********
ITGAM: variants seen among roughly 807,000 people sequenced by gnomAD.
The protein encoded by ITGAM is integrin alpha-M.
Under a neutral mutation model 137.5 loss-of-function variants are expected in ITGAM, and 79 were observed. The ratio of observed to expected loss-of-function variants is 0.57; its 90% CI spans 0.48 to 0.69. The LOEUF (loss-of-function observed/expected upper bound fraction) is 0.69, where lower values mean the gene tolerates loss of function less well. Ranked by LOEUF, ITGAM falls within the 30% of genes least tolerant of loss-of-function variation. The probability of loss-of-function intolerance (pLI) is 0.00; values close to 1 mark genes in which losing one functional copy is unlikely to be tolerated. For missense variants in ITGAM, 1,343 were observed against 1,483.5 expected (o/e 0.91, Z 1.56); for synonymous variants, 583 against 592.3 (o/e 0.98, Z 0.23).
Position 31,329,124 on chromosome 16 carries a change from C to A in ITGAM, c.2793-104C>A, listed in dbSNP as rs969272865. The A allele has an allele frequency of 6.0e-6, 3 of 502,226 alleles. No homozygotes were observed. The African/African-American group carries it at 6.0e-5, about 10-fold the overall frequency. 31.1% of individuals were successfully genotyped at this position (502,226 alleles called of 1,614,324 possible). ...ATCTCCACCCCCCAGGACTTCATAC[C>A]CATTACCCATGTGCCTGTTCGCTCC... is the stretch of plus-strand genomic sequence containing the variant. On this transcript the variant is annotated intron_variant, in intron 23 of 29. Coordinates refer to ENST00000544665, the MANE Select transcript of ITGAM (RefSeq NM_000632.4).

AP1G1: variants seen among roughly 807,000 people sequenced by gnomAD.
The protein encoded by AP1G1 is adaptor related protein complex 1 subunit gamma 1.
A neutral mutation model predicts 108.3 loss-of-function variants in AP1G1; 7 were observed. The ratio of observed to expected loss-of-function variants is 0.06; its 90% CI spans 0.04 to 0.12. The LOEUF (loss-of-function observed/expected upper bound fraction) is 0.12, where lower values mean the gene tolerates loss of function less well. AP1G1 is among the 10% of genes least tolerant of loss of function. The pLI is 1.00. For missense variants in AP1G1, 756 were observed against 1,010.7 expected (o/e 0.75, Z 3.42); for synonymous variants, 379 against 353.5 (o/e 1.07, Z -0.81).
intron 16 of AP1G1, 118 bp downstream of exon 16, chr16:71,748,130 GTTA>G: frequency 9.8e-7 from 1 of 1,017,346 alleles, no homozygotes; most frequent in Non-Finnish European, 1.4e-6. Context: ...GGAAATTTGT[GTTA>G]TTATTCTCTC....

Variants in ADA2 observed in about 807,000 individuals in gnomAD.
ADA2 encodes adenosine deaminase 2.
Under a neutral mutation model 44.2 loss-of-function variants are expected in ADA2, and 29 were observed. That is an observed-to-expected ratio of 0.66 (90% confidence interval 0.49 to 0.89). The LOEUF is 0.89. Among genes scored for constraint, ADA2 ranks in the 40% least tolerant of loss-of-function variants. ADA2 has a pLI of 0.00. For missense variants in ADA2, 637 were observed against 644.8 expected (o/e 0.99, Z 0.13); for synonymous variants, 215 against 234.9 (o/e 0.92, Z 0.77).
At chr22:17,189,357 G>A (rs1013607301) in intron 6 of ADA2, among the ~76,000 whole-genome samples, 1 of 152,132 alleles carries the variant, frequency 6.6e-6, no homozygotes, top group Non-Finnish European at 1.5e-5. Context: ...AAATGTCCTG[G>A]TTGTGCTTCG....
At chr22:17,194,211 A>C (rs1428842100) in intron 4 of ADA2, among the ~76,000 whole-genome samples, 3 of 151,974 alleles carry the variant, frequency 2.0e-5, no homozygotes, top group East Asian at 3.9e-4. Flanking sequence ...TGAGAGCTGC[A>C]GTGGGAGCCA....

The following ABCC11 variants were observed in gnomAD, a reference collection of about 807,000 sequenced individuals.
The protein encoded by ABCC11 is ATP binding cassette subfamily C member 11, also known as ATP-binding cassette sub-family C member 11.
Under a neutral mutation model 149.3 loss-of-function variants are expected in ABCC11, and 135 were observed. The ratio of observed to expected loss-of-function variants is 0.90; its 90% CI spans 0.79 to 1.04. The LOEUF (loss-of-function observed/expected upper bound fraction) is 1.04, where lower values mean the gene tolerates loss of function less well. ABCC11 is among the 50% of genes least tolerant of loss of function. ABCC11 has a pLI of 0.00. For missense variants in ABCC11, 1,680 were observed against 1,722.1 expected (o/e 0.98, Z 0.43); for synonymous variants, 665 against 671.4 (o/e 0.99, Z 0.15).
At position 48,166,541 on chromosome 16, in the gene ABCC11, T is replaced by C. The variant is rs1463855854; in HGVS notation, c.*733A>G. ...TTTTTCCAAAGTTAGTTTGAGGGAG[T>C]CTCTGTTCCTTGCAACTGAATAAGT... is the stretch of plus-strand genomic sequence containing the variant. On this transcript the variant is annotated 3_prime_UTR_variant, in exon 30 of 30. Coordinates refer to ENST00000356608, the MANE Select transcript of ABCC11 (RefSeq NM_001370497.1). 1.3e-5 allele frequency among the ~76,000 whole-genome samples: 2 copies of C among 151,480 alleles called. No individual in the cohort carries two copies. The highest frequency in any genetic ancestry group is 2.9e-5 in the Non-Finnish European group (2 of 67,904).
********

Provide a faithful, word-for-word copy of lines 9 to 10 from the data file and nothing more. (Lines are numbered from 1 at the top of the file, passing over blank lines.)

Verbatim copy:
Variants in ADA2 observed in about 807,000 individuals in gnomAD.
ADA2 encodes adenosine deaminase 2.